Catholic Decline Continues in Latin America under Argentine Pope Francis

Catholic Decline Continues in Latin America under Argentine Pope Francis June 8, 2022

There is compelling evidence of continued Catholic decline in Latin American, which is home to 39 percent of the world’s Catholics, during the papacy of Pope Francis, the first pontiff from the region. The religious landscape in Latin America is changing from hegemonically Catholic to a pluralistic one, said Dr. Andrew Chesnut, Professor of Religious Studies at Virginia Commonwealth University.

Latin Americans today have a wide range of options to choose from in the relatively free market of faith, which leads to a significant trend towards pluralization, he said. In addition, he pointed out that this region of the world is by far the most Christian – 89 percent of Latin Americans are, the majority are Catholics and Evangelicals, and there is no other part of the planet that comes close to such a high percentage.

At his lecture at the National Autonomous University of Mexico (UNAM) “Is Latin America Still Catholic? The pluralization of the religious landscape of the region,” the expert said that Latin Americans have been abandoning Catholicism for decades. “One of the main reasons why a Latin American was elected as pope nine years ago is the long-term decline of the flock in the most Catholic region of the world.”

At UNAM’s Center for Research on Latin America and the Caribbean (CIALC) he pointed out that Pentecostalism – a branch of charismatic Protestantism – already represents 70 percent of all Latin American Evangelicals, and has multiplied to the point that eight countries already are no longer majority Catholic, and one, Honduras, has become the first nation in which Protestants, at 39 percent of the population, outnumber Catholics, at 37 percent.

In 1970, Chesnut recalled, 92 percent of Latin Americans were Catholic, although most did not attend church. Yet after half a century of precipitous decline, “the region that is home to 39 percent of the world’s 1.3 billion faithful will most likely no longer be majority Catholic by 2030.” A 2018 survey by the organization Latinobarometro found that the region is only 59 percent Catholic. “The notion that the fervor for the first Pope of the New World, a Jesuit, would result in temples full of faithful who had not attended mass for a long time has been dispelled.” Chile, for example, was 56 percent Catholic in 2013, and in just four years dropped to 45 percent.

Honduras leads the region in Catholic decline, falling from 76 percent to 37 percent in 22 years. “That nation, plagued by violence, is the first where Protestants outnumber Catholics,” he exclaimed. Uruguay, meanwhile, is the most secularized country – “It was the first in the Americas with gay marriage and legalized marijuana and is now only 38 percent Catholic.” El Salvador is 40 percent Catholic; Nicaragua 40 and Guatemala 43 percent.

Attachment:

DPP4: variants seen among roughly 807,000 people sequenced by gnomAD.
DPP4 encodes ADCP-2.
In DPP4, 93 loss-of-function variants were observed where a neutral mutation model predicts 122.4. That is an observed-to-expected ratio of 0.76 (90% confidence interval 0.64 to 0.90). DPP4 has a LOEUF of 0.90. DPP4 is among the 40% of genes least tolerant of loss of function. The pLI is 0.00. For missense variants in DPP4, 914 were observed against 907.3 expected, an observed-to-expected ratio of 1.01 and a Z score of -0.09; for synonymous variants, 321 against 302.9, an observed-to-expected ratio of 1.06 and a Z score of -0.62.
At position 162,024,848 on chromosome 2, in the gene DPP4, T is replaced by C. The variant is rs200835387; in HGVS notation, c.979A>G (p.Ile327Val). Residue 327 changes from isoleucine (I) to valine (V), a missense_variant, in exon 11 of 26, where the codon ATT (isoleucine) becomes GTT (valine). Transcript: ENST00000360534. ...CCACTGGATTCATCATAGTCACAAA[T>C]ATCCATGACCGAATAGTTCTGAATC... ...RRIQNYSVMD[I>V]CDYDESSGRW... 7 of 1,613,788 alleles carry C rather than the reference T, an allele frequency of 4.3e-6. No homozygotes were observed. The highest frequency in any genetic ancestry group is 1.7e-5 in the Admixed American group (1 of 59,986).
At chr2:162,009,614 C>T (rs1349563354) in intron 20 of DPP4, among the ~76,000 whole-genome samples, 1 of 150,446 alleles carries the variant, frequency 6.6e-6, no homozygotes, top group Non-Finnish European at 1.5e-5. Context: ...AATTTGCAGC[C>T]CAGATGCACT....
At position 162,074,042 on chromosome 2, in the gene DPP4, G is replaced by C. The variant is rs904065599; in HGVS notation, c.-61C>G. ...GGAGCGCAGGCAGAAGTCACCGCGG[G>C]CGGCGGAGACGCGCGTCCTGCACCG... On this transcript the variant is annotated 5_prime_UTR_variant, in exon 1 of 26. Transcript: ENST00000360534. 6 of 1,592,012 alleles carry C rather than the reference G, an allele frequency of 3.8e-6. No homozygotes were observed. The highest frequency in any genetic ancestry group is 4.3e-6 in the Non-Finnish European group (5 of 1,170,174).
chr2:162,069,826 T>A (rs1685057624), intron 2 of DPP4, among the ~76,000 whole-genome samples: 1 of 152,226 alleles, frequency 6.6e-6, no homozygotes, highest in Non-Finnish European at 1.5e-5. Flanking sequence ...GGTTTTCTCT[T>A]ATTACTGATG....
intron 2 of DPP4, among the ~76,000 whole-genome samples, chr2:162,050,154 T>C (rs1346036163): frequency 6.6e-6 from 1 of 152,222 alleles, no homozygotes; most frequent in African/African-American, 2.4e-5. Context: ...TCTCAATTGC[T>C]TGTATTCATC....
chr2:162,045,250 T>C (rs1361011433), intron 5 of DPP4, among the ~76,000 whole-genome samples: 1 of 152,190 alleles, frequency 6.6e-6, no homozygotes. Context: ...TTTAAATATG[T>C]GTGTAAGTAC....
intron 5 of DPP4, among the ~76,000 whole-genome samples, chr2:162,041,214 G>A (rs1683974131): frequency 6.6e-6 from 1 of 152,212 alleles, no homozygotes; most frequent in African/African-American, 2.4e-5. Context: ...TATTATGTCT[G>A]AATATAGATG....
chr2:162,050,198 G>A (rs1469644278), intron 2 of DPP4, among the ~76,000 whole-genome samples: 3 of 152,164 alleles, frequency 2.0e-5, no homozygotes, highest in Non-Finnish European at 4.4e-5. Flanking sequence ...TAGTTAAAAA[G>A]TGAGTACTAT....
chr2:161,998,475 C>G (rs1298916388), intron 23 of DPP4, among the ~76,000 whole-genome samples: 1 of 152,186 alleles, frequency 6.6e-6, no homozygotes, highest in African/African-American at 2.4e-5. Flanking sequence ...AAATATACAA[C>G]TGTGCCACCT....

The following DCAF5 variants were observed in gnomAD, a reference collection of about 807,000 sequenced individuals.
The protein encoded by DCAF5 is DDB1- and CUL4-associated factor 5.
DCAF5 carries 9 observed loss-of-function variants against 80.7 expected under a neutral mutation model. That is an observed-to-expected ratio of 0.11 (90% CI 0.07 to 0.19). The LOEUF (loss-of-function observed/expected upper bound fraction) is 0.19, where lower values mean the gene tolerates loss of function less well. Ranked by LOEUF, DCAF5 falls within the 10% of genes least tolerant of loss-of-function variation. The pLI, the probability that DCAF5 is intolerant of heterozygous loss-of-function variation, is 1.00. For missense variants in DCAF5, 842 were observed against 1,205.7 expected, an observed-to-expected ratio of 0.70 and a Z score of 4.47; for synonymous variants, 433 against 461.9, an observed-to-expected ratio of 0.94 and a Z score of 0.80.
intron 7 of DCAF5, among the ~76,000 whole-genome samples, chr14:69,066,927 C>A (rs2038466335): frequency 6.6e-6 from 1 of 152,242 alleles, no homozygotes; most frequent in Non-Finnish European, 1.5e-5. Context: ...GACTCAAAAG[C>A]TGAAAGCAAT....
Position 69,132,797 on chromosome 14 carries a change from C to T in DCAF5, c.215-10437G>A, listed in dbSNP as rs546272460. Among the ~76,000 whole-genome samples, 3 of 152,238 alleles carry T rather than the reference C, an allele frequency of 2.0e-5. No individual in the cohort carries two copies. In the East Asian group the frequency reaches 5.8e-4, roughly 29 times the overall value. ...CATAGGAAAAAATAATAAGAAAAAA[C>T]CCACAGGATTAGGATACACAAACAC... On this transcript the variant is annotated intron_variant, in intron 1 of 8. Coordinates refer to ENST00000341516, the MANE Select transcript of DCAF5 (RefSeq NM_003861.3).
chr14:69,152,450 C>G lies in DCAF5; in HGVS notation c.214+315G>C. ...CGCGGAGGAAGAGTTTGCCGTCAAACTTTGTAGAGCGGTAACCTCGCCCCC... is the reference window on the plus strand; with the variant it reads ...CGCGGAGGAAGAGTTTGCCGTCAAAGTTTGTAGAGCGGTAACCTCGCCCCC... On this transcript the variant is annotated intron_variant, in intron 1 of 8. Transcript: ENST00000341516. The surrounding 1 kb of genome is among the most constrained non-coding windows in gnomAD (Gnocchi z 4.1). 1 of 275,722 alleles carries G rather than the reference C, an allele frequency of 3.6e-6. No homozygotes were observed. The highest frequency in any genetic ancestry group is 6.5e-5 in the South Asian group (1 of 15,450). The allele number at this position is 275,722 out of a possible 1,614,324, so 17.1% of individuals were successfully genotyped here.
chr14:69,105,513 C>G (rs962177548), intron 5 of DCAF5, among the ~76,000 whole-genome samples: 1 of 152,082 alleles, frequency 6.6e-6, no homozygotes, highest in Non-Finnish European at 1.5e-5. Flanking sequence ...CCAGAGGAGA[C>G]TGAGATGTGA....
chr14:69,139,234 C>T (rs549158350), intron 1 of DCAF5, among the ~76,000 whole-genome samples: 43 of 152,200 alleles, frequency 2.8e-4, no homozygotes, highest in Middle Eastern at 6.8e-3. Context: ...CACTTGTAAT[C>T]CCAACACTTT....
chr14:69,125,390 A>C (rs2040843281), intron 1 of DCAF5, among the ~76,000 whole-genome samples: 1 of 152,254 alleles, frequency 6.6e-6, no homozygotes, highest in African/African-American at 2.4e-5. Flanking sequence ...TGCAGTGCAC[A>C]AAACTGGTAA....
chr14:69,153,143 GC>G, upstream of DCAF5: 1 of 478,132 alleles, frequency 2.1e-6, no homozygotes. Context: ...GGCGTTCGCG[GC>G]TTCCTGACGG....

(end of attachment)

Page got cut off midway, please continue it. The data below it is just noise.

In contrast, Paraguay stands out as the most Catholic country in the Americas with 89 percent of its citizens belonging to the Church; Argentina is 65 percent, but with a decline of 22 points since 1995, when it had 87 percent. Mexico, meanwhile, stands out in the survey as the only country with Catholic growth. In 1995, 70 percent of those surveyed declared themselves Catholic, and 22 years later the percentage had risen to 80 percent, making it the second most Catholic nation after Paraguay; although, he clarified, the 2020 Mexican Census reveals a Catholic population of 77 percent: “it would seem that there has been a decrease in recent years.”

Pentecostalism

Professor Chesnut explained that a good part of the Latin Americans who have left Catholicism in recent decades have converted to Pentecostalism. “The Protestant population has almost quintupled from 1970 to 2017 and 70 percent are Pentecostals (with denominations such as the Assembly of God and the Universal Church of the Kingdom of God, known in Mexico as ‘Stop Suffering,’ etc.)”. In the countries surveyed, the majority of those who left Catholicism did so before the age of 25.

New surveys show that Latin American Protestants tend to be more religiously observant than Catholics. Evangelicals, for example, go to church and pray more often. They also have a greater tendency to read the Bible outside of worship services. As a region, the Americas are the one with the greatest freedom of worship, even compared to Europe, although the countries with the least freedom are Cuba and Mexico; in the latter because the Catholic Church still has a lot of political influence, explained Chesnut.

Finally, he established that another salient trend in the Latin American religious landscape is the growing number of people, especially Millennials, who choose not to have any religious affiliation whatsoever. “They are not atheists or agnostics, but mostly young people who believe in the supernatural, but who do not belong to any specific institutional tradition.”


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